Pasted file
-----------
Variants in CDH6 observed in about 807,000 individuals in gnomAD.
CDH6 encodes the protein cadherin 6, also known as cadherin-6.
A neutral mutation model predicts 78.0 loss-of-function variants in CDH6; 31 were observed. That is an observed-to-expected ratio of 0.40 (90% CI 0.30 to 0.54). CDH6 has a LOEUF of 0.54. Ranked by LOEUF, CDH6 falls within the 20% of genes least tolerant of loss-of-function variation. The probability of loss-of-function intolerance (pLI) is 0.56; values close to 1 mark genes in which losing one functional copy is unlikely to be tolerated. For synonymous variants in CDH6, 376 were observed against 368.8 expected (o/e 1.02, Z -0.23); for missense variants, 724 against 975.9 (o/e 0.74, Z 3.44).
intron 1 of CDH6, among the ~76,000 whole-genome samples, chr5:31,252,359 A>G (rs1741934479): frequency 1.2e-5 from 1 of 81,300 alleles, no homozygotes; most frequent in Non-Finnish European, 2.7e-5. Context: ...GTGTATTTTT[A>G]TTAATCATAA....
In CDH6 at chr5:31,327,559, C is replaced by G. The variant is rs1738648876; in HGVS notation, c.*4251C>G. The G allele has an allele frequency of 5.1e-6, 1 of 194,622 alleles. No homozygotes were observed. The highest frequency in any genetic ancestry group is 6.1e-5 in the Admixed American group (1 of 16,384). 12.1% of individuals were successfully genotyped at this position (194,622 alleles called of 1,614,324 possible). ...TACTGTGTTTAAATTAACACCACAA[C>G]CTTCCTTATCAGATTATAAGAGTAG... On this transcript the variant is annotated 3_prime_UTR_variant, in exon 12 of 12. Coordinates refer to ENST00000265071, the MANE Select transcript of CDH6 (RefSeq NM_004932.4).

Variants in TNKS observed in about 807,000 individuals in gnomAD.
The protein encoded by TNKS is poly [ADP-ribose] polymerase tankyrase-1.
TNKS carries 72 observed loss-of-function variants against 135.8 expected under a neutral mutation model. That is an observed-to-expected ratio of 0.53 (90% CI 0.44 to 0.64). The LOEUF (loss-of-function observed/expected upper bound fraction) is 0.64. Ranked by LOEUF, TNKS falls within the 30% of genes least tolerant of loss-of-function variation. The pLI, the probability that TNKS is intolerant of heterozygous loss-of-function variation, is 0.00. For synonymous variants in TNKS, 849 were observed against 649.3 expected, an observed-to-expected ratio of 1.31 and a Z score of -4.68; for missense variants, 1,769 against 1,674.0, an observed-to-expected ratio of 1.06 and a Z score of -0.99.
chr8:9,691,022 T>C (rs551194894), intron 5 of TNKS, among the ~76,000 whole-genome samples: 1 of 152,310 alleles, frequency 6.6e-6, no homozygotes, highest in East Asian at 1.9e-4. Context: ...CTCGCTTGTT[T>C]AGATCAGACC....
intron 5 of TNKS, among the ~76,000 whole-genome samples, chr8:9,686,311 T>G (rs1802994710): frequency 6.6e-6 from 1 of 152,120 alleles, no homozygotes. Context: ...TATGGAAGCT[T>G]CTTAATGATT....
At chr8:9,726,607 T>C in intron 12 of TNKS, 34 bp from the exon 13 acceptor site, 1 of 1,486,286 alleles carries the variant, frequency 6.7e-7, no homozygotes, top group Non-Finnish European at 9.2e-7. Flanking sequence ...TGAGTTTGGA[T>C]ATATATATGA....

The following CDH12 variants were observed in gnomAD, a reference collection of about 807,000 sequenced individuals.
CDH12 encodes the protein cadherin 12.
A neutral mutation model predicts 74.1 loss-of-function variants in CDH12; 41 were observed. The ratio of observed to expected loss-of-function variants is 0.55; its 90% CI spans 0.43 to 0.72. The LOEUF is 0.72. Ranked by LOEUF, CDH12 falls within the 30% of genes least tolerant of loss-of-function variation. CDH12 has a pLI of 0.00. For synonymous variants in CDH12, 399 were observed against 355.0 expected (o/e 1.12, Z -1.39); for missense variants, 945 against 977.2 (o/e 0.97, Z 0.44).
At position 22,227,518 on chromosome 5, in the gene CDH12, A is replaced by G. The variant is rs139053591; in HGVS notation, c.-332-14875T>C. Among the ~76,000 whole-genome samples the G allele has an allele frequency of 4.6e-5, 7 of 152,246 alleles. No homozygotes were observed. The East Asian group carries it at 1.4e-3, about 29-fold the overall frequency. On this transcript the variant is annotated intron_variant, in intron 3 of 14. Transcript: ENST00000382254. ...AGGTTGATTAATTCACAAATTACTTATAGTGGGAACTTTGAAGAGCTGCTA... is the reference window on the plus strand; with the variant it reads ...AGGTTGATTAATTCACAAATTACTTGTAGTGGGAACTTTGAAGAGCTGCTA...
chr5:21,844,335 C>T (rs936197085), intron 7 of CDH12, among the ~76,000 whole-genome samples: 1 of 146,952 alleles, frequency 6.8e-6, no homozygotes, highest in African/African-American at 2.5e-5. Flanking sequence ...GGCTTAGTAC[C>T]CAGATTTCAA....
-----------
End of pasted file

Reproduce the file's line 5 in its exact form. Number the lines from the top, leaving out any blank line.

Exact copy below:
In CDH6 at chr5:31,327,559, C is replaced by G. The variant is rs1738648876; in HGVS notation, c.*4251C>G. The G allele has an allele frequency of 5.1e-6, 1 of 194,622 alleles. No homozygotes were observed. The highest frequency in any genetic ancestry group is 6.1e-5 in the Admixed American group (1 of 16,384). 12.1% of individuals were successfully genotyped at this position (194,622 alleles called of 1,614,324 possible). ...TACTGTGTTTAAATTAACACCACAA[C>G]CTTCCTTATCAGATTATAAGAGTAG... On this transcript the variant is annotated 3_prime_UTR_variant, in exon 12 of 12. Coordinates refer to ENST00000265071, the MANE Select transcript of CDH6 (RefSeq NM_004932.4).